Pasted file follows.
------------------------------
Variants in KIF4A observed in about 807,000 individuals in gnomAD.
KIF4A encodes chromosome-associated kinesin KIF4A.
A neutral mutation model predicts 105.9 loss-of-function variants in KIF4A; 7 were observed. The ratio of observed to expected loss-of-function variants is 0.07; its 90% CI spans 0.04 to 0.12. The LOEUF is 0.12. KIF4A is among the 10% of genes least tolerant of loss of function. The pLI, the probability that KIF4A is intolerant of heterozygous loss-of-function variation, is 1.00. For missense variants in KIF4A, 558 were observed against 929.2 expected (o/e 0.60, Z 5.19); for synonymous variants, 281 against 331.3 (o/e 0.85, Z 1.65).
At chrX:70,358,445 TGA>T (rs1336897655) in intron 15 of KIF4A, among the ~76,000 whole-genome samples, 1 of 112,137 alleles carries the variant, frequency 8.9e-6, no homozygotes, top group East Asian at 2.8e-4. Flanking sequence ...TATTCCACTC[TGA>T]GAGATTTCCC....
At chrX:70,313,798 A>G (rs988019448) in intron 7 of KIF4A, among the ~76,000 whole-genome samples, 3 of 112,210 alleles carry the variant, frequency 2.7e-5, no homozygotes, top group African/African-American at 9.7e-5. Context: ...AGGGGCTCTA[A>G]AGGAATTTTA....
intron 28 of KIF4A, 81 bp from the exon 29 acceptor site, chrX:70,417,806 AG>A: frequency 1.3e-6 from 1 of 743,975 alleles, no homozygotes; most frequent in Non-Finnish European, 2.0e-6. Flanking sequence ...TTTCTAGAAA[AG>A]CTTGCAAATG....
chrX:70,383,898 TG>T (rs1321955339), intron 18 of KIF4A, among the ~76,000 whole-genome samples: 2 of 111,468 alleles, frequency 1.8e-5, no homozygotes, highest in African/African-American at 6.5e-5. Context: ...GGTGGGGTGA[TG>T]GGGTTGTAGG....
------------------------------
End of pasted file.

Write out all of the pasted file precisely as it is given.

Variants in KIF4A observed in about 807,000 individuals in gnomAD.
KIF4A encodes chromosome-associated kinesin KIF4A.
A neutral mutation model predicts 105.9 loss-of-function variants in KIF4A; 7 were observed. The ratio of observed to expected loss-of-function variants is 0.07; its 90% CI spans 0.04 to 0.12. The LOEUF is 0.12. KIF4A is among the 10% of genes least tolerant of loss of function. The pLI, the probability that KIF4A is intolerant of heterozygous loss-of-function variation, is 1.00. For missense variants in KIF4A, 558 were observed against 929.2 expected (o/e 0.60, Z 5.19); for synonymous variants, 281 against 331.3 (o/e 0.85, Z 1.65).
At chrX:70,358,445 TGA>T (rs1336897655) in intron 15 of KIF4A, among the ~76,000 whole-genome samples, 1 of 112,137 alleles carries the variant, frequency 8.9e-6, no homozygotes, top group East Asian at 2.8e-4. Flanking sequence ...TATTCCACTC[TGA>T]GAGATTTCCC....
At chrX:70,313,798 A>G (rs988019448) in intron 7 of KIF4A, among the ~76,000 whole-genome samples, 3 of 112,210 alleles carry the variant, frequency 2.7e-5, no homozygotes, top group African/African-American at 9.7e-5. Context: ...AGGGGCTCTA[A>G]AGGAATTTTA....
intron 28 of KIF4A, 81 bp from the exon 29 acceptor site, chrX:70,417,806 AG>A: frequency 1.3e-6 from 1 of 743,975 alleles, no homozygotes; most frequent in Non-Finnish European, 2.0e-6. Flanking sequence ...TTTCTAGAAA[AG>A]CTTGCAAATG....
chrX:70,383,898 TG>T (rs1321955339), intron 18 of KIF4A, among the ~76,000 whole-genome samples: 2 of 111,468 alleles, frequency 1.8e-5, no homozygotes, highest in African/African-American at 6.5e-5. Context: ...GGTGGGGTGA[TG>T]GGGTTGTAGG....